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From |
K Jensen <[email protected]> |

To |
statalist <[email protected]> |

Subject |
Re: st: Longitudinal analysis - help! |

Date |
Thu, 14 Nov 2013 13:48:09 +0000 |

Thanks for your very helpful reply, Nick. The data are human blood measurements. We are monitoring lithium (X), which needs to be maintained at therapeutic levels in the blood for patients with certain diagnoses. Lithium levels could have an effect on renal function (Y). The lithium is monitored regularly, with extra measurements made if a person has high levels, to check that they have gone back to normal after intervention. Renal function is measured at less frequent intervals and not repeated if it is out of range. A blood test is likely to be lithium only, or both lithium and renal function, but not renal function only. We are interested in the effects of lithium "highs". A "high" will last only for a few days, but its effect on the kidneys could last up to a year. Just how high is high enough to cause damage? What about several highs in the same patient? Those are the sorts of questions we are interested in answering. Thankyou again Karin On 13 November 2013 18:14, Nick Cox <[email protected]> wrote: > This to me is a very interesting area, indeed a long-standing, > although slow-moving, personal preoccupation. > > The background here of why you have irregular measurements and > particularly why you sometimes, but not always, have simultaneous > measurements for X and Y, might be relevant for what kind of analysis > makes sense. Your data could be reorganised to allow various -xt- > commands, but it's hard to see that you can use times when only one > variable is measured. > > There is literature on time series analysis for irregularly spaced > data. The Wikipedia article > http://en.wikipedia.org/wiki/Unevenly_spaced_time_series is short, but > in my view spot on. > > For some related discussion see > > http://www.stata.com/statalist/archive/2013-02/msg00484.html > > http://www.stata.com/statalist/archive/2013-02/msg00487.html > > There are several routines for interpolation in Stata, including > -ipolate-, -cipolate- (SSC), -csipolate- (SSC), -pchipolate- (SSC) and > -nnipolate- (SSC). > > For reasons I do not fully understand there is massively more interest > in imputation for time series data (which is always complicated, and > almost always difficult to defend, because most missingness is > strongly non-random) than in interpolation (which is always simple, > and almost always difficult to defend, for different reasons). > > Nick > [email protected] > > > On 13 November 2013 17:00, K Jensen <[email protected]> wrote: > >> I have two time series, of values recorded at irregular intervals. I >> would like to see if one variable (X) predicts the other (Y), >> particularly whether high exposure to X increases the value of Y (the >> effect would be some months afterwards, but the interval over which a >> high has an effect is not known precisely and is likely to differ from >> person to person). X is measured more often than Y. >> >> Both X and Y vary from observation to observation, with some subjects >> having repeated "highs" of X, some dipping out of high and low in >> complex ways. >> >> From what I know of time series analysis, this assumes that you have >> observations at regular intervals, such as yearly or monthly, whereas >> mine are irregularly spaced. >> >> I am familiar with time varying covariates in Cox proportional >> hazards, but not other models. >> >> I also have some non-time varying covariates that I would like to take >> into account. >> >> Can anybody recommend a command in Stata to analyse this dataset? >> >> Thankyou >> >> Karin >> >> P.S. - The dataset is very simple and basically looks like this: >> >> id type value date >> 1 X 11.1 15/09/2010 >> 1 Y 113.1 18/03/2011 >> 1 X 15 06/07/2011 >> 1 X 11.7 21/10/2011 >> 1 Y 124.5 21/10/2011 >> 1 X 14.4 27/01/2012 >> 1 X 12.9 04/05/2012 >> 1 Y 132.3 04/05/2012 >> 1 Y 116.9 07/09/2012 >> 1 X 14.7 07/09/2012 >> 1 Y 127.7 13/12/2012 >> 1 X 13.2 13/12/2012 >> 2 X 11.1 18/02/2011 >> 2 X 14.1 26/05/2011 >> 2 X 14.7 21/10/2011 >> 2 X 16.2 19/12/2011 >> 2 X 14.1 15/06/2012 >> 2 Y 119.9 03/10/2012 >> 2 X 13.8 03/10/2012 >> 2 Y 120.7 22/10/2012 >> 2 X 9.9 22/10/2012 >> 3 X 17.1 08/05/2003 >> 3 X 12 20/08/2003 >> 3 X 15.6 09/12/2003 >> 3 X 14.7 20/05/2004 >> 3 X 13.2 28/09/2004 >> 3 X 12.6 16/03/2005 >> 3 X 11.4 19/10/2005 >> 4 Y 110 26/11/2008 >> 4 X 15.6 26/11/2008 >> 4 X 15.9 04/06/2009 >> 4 Y 110.8 04/06/2009 >> 4 X 16.5 27/08/2009 >> 4 Y 100.8 27/08/2009 >> 4 Y 110.6 24/11/2009 >> 4 X 14.7 24/11/2009 >> 4 Y 100.3 25/02/2010 >> 4 X 18.3 25/02/2010 >> 4 X 22.2 01/07/2010 >> 4 Y 120.1 01/07/2010 >> 4 X 18 13/10/2010 >> 4 Y 130.6 13/10/2010 >> 4 Y 120.6 18/01/2011 >> 4 X 20.4 18/01/2011 >> 4 X 11.7 05/05/2011 >> 4 Y 110.5 05/05/2011 >> 4 Y 110.6 20/09/2011 >> 4 X 16.5 03/11/2011 >> 4 Y 120.8 03/11/2011 >> 4 Y 120.7 08/05/2012 >> 4 X 19.5 08/05/2012 >> 4 X 17.7 26/07/2012 >> 4 Y 110.6 25/01/2013 >> 4 X 15 25/01/2013 >> * >> * For searches and help try: >> * http://www.stata.com/help.cgi?search >> * http://www.stata.com/support/faqs/resources/statalist-faq/ >> * http://www.ats.ucla.edu/stat/stata/ > * > * For searches and help try: > * http://www.stata.com/help.cgi?search > * http://www.stata.com/support/faqs/resources/statalist-faq/ > * http://www.ats.ucla.edu/stat/stata/ * * For searches and help try: * http://www.stata.com/help.cgi?search * http://www.stata.com/support/faqs/resources/statalist-faq/ * http://www.ats.ucla.edu/stat/stata/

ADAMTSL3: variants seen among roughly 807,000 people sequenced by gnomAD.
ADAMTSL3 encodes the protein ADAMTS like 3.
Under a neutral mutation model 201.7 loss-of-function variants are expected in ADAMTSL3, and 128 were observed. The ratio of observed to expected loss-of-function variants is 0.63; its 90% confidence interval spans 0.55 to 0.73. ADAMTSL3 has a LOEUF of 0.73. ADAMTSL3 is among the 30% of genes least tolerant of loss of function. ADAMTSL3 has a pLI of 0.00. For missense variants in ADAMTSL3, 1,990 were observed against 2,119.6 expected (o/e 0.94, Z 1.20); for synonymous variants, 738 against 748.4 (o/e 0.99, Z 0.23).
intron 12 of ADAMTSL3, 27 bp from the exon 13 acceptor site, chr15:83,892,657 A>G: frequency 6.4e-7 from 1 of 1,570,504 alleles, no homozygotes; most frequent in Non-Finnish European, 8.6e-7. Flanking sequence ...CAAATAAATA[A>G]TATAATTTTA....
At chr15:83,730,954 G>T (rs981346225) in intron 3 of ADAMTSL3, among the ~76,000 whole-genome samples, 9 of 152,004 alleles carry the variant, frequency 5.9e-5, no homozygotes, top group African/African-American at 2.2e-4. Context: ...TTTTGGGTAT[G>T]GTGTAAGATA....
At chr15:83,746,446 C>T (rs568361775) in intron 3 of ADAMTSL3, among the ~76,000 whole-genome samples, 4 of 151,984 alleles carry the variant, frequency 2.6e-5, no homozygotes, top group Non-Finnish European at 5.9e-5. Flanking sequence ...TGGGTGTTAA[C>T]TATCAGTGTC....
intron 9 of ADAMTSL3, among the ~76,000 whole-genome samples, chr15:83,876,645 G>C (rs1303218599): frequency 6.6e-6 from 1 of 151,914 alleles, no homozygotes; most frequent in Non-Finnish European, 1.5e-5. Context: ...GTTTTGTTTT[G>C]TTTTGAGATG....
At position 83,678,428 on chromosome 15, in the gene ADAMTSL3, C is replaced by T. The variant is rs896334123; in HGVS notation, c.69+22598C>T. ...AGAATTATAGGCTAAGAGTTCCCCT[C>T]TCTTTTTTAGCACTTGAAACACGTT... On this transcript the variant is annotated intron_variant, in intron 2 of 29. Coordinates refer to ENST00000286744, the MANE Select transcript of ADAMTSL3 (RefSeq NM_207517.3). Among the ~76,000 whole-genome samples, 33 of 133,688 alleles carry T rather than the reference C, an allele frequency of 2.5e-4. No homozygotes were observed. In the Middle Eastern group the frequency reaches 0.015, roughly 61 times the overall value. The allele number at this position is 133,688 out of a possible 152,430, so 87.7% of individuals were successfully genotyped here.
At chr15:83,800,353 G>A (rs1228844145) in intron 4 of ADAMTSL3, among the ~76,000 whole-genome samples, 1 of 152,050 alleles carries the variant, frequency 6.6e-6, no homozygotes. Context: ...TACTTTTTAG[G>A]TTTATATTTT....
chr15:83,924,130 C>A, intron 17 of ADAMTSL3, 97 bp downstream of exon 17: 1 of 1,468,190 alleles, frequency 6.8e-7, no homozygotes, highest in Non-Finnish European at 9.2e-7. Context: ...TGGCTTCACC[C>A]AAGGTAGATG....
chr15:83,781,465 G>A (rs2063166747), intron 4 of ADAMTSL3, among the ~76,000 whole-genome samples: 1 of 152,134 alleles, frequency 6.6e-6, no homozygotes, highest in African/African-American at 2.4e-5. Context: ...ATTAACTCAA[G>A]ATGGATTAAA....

**References**:**st: Longitudinal analysis - help!***From:*K Jensen <[email protected]>

**Re: st: Longitudinal analysis - help!***From:*Nick Cox <[email protected]>

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